Since RTI started, we are told that the majority of employers have come on board and have been submitting successfully and all is working well. However, for many employers this has not been the case, and although they have reported RTI correctly, they have been inundated with apparent underpayments due to discrepancies between the employers Full Payment Submission (FPS) and HMRC’s NI and PAYE service (NPS) which shouldn’t happen. We were all told that whilst RTI was bedding down there would be no penalties for this tax year, yet several employers have been pursued for late payment penalties, fines and threats of interest.
As a bureau, we correctly submit the FPS payroll report for RTI on each pay day; the client pays HMRC the correct amount on time, but somehow HMRC records appear to show different totals and immediately inform the employer that they have an underpayment due. We have been inundated with calls from HMRC and clients asking us to explain why HMRC claim they owe more than they actually do. We don’t have the answer and HMRC’s Debt Management division cannot provide us with that detail, as all they have is a total owing.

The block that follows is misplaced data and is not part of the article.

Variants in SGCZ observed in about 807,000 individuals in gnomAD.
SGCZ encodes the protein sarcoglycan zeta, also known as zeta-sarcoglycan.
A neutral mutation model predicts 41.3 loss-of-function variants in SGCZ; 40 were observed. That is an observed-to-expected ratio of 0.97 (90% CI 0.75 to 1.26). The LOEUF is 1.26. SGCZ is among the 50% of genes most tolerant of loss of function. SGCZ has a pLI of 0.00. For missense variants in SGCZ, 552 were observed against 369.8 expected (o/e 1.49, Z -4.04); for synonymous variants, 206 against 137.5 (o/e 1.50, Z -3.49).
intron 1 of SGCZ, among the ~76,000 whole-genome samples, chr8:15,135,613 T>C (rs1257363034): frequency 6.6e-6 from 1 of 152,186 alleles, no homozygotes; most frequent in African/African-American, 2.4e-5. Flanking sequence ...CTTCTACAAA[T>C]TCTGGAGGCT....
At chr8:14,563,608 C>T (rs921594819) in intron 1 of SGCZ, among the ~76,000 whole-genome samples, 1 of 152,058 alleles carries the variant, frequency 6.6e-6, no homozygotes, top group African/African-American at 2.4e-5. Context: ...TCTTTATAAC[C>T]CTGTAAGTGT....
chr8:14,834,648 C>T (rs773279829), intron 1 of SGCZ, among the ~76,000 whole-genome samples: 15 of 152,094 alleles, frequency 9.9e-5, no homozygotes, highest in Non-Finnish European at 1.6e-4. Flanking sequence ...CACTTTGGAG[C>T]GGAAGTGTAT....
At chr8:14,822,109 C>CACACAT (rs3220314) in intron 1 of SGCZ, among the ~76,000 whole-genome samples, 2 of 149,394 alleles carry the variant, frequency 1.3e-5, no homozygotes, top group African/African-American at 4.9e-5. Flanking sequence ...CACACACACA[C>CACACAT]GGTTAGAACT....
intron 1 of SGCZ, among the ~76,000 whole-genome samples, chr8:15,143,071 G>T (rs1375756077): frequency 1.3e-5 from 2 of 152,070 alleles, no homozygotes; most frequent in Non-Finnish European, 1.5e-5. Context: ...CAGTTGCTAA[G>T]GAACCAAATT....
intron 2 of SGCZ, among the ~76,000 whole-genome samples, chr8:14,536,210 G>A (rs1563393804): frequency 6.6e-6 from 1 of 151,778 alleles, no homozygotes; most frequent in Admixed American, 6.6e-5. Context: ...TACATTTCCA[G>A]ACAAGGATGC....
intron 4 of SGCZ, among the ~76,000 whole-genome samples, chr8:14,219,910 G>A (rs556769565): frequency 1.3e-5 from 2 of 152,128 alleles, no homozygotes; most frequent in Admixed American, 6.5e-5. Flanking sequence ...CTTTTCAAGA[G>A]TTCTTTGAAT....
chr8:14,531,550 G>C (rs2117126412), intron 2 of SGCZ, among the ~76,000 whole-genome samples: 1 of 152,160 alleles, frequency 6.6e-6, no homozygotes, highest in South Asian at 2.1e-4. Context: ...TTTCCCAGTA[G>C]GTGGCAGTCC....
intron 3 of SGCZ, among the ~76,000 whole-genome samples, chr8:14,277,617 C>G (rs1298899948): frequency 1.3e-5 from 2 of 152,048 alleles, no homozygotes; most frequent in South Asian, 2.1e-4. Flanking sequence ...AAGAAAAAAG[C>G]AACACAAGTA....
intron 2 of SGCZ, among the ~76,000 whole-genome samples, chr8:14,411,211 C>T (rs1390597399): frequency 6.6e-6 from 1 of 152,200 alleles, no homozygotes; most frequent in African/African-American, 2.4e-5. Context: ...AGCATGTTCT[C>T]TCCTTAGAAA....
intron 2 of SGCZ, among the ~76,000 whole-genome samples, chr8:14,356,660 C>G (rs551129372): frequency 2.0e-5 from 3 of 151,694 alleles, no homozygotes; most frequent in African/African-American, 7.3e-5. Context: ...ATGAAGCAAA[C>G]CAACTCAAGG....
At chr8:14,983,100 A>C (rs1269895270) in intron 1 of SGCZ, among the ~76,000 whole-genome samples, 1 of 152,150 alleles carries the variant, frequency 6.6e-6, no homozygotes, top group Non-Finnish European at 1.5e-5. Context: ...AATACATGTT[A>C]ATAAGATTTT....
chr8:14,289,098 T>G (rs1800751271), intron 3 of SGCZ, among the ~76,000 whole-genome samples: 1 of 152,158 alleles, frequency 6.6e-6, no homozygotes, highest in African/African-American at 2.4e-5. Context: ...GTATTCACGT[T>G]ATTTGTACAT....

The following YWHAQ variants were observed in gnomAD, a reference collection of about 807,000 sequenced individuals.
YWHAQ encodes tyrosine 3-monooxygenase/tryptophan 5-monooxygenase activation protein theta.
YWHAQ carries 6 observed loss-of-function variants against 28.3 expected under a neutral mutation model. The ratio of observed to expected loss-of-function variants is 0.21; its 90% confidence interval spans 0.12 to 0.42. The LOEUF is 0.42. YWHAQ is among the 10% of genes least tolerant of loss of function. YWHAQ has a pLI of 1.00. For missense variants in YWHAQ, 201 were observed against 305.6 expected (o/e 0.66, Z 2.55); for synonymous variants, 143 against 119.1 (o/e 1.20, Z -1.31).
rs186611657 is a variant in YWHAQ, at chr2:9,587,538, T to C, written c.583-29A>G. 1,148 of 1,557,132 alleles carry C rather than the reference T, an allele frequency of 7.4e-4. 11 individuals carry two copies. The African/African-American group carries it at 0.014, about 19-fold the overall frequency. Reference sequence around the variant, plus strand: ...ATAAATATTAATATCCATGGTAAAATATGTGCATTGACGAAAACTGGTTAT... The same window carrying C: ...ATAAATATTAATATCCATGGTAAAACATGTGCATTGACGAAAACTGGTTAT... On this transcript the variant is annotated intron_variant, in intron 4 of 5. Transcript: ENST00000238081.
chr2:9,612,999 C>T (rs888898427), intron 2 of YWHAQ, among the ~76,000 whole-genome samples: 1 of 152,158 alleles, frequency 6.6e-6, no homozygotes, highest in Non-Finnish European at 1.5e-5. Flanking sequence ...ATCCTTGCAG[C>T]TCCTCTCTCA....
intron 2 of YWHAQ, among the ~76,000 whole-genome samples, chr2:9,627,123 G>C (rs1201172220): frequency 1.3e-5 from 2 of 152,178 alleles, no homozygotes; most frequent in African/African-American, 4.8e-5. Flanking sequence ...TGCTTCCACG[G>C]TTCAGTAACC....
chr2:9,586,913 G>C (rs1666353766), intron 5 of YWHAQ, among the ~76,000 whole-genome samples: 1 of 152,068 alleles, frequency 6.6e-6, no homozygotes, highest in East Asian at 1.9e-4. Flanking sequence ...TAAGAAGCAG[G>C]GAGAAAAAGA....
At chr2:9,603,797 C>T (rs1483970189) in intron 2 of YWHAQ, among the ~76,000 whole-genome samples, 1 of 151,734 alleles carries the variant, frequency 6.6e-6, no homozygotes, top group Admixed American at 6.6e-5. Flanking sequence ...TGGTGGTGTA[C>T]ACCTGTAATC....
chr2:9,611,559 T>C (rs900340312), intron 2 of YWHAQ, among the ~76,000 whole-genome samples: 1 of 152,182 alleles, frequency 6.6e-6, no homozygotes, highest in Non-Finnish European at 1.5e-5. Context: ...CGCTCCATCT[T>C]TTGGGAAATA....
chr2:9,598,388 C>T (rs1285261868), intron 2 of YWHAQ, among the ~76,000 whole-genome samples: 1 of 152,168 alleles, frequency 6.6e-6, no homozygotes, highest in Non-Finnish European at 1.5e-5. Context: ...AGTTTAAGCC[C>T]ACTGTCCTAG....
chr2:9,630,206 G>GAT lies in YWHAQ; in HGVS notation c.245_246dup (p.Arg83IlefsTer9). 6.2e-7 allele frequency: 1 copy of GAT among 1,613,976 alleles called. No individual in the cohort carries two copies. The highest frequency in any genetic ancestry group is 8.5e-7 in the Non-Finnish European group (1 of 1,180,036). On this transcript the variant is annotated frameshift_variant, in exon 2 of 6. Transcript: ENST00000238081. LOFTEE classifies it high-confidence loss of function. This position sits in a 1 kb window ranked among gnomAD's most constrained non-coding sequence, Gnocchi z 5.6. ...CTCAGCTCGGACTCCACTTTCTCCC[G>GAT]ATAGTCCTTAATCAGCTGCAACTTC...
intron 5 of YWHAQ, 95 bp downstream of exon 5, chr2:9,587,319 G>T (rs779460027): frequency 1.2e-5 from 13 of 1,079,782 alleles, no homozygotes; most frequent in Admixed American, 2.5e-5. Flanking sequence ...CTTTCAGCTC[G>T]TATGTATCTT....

In its annual report to HMRC, the National Audit Office identified some shortcomings in the RTI project as it went live. By mid-May this year, 10,000 duplicate employee records had already been created, with HMRC apparently unable to ascertain the root cause. The system went live with shortcomings identified in relevant system capturing and reconciling data and payment coming in. There is no budget for contingency and corrective work where errors are discovered.
Employers are being ask to look on their employer dashboard on the HMRC website, but HMRC have errors in their systems, and the amount shown on the employer dashboard is not necessarily the amount reported on the FPS. It’s the amount tallied from HMRC NPS records. Many employers are finding their cases being passed to HMRC’s technical department, but we haven’t heard back from them so far….HMRC need to fix their problems and reconsider their policy of pursuing employers appropriately.
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